Jodl, Friedrich (1849–1914)
Friedrich Jodl ranks as one of the most significant representatives of German positivism, although this designation by no means adequately characterizes the full scope of his ideas. Jodl was born in Munich, where in 1880 he qualified as a Privatdozent in philosophy. Five years later he was named professor of philosophy at the German University in Prague. In 1896 he accepted a call to the University of Vienna. His many publications ranged over the fields of philosophy and the history of philosophy and ethics, as well as psychology and aesthetics.
Jodl categorically rejected metaphysical speculation. For him, the boundaries of experience were at the same time the boundaries of knowledge; hence, there could be no a priori knowledge, nor any metaphysical cognition of the transcendental. The task of philosophy, he maintained, is to order scientific knowledge systematically and to comprehend it in a unified view of the world. The basis of philosophy, like that of science, can only be experience.
As a consistent empiricist, Jodl criticized phenomenalism, preferring critical realism. The factual existence of a transsubjective reality is guaranteed by the thou-experience, by the existence of one's fellow men. Moreover, without the assumption of an objective external world and without the assurance that we know it as such, natural science would be impossible. Hence, the forms of our intuition and of our thought are not subjective in the sense meant by extreme epistemological idealism; rather, they are also conditioned by the relationships of things. Our knowledge of the world is not subject to a theoretical limit beyond which our consciousness is unable to grasp reality; there is only a frontier that can always be pushed further back, with the result that the world in its totality constitutes an endless problem, a task for knowledge that can never be definitively solved.
Jodl sought a naturalistic conception of the world, free of religion and metaphysics, such as that of the monistic movement, which he energetically promoted. "We need no other mediator between us and nature except our understanding and a courageous will, nor any mystery behind nature to console us for her; we are alone with nature, and we feel secure because we possess intellect and she behaves according to laws" (Vom wahren und vom falschen Idealismus, p. 40).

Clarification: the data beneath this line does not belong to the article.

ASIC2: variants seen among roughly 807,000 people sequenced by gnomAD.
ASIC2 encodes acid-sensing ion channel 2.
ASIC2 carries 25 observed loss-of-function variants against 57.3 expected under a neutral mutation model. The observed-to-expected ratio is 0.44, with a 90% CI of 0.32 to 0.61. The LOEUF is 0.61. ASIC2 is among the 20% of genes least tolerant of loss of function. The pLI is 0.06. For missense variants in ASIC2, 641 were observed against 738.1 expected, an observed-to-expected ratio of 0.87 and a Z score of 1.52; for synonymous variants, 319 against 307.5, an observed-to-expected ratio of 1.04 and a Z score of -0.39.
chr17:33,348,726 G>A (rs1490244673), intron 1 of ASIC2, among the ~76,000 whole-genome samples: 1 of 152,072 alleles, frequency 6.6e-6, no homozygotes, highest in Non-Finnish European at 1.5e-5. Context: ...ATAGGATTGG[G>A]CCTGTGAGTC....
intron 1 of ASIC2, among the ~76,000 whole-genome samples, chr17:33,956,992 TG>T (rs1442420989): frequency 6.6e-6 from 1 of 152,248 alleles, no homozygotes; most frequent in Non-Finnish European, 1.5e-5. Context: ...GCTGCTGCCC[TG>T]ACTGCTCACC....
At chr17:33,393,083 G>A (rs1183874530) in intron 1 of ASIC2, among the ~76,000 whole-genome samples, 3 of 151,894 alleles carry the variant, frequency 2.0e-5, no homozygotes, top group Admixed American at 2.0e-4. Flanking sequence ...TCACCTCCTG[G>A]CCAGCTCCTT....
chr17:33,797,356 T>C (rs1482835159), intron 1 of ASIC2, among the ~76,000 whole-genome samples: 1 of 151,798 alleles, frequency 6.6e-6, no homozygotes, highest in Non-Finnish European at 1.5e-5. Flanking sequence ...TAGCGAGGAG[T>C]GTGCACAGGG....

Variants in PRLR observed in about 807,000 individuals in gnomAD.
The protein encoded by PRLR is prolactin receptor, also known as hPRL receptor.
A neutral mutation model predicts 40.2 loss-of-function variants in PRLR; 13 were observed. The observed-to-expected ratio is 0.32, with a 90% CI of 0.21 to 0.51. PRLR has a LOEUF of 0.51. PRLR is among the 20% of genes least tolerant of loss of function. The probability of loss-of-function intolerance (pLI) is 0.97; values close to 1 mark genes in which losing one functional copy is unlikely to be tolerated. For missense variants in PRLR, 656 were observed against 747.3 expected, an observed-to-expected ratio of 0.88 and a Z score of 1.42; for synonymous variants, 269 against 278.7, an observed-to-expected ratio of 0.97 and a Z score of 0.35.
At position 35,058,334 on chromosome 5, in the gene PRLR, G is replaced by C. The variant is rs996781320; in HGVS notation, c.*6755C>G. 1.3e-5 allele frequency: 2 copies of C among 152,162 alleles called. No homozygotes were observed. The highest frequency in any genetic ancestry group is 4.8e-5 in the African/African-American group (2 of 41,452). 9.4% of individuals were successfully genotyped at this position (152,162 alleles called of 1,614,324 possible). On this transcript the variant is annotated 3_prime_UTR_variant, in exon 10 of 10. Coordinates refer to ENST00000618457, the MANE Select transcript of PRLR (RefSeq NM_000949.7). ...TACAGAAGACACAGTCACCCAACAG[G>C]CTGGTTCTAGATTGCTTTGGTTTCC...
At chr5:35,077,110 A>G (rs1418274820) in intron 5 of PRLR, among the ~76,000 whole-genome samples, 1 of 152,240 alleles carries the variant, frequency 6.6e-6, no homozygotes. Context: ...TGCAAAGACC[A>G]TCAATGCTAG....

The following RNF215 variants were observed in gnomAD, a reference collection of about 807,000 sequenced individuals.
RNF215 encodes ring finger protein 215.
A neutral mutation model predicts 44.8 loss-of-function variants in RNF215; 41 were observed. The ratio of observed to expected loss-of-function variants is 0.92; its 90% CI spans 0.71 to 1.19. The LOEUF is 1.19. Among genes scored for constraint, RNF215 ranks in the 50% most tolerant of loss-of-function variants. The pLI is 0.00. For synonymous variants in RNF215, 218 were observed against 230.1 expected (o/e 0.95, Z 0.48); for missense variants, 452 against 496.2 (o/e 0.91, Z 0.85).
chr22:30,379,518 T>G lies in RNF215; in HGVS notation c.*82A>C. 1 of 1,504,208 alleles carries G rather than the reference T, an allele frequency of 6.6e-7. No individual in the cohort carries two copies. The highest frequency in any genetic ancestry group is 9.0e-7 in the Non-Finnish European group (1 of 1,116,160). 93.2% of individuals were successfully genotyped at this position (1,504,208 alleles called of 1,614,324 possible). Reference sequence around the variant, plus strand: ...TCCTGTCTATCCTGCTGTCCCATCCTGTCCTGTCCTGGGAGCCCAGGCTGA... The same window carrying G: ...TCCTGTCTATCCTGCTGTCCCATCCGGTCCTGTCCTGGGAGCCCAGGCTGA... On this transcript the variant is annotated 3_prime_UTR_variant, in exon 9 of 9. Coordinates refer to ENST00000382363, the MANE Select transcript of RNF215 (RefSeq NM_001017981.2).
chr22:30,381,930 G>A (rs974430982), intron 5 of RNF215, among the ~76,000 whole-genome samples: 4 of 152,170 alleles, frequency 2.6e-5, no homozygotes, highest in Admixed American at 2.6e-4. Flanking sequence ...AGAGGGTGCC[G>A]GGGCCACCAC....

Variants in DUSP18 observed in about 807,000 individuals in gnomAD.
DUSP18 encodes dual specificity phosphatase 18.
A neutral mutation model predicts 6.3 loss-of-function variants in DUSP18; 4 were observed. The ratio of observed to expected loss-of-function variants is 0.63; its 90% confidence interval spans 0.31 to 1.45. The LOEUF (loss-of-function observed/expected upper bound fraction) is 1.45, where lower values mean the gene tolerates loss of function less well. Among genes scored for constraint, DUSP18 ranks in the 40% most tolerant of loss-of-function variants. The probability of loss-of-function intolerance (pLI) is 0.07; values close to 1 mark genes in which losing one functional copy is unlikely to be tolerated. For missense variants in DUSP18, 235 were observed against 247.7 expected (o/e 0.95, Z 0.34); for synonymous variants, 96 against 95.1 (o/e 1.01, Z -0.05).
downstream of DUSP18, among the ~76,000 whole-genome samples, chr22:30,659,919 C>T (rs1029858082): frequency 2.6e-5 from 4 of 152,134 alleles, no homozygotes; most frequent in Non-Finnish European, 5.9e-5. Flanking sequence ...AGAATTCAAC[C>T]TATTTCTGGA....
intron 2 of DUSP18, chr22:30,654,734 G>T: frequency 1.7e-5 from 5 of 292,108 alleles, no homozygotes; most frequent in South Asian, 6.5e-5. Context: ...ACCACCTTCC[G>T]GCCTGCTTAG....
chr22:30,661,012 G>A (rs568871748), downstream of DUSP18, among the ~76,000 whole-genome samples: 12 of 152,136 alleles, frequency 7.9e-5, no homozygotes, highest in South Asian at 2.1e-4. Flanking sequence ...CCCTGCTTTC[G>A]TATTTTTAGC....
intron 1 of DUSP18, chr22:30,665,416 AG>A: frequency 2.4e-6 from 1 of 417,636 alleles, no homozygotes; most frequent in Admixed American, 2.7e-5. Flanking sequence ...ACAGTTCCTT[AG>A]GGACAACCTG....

Jodl treated the problem of God on the basis of this naturalistic monism. Somewhat like John Dewey after him, Jodl, while denying the existence of God in any traditional sense, retained the term God as a designation for the highest ideals to which human beings aspire.
In his psychology too Jodl confined himself to the clearest possible presentation of the empirically given facts of mental life, renouncing all metaphysical assumptions. His psychological investigations are unusually rich in acute analyses and genetic explanations. Consciousness is not a substance but an act; it is the inwardness of a living creature. The bearer of consciousness is not an immaterial soul but the living organism; the soul is nothing other than the unified coherence of experience. "Mental" and "physical" are simply two expressions in different languages for one and the same occurrence. Body and consciousness are one; the psychical is the internal, subjective experiencing of neurological processes. An individual experiences as subject the whole complex of his brain processes in internal perception.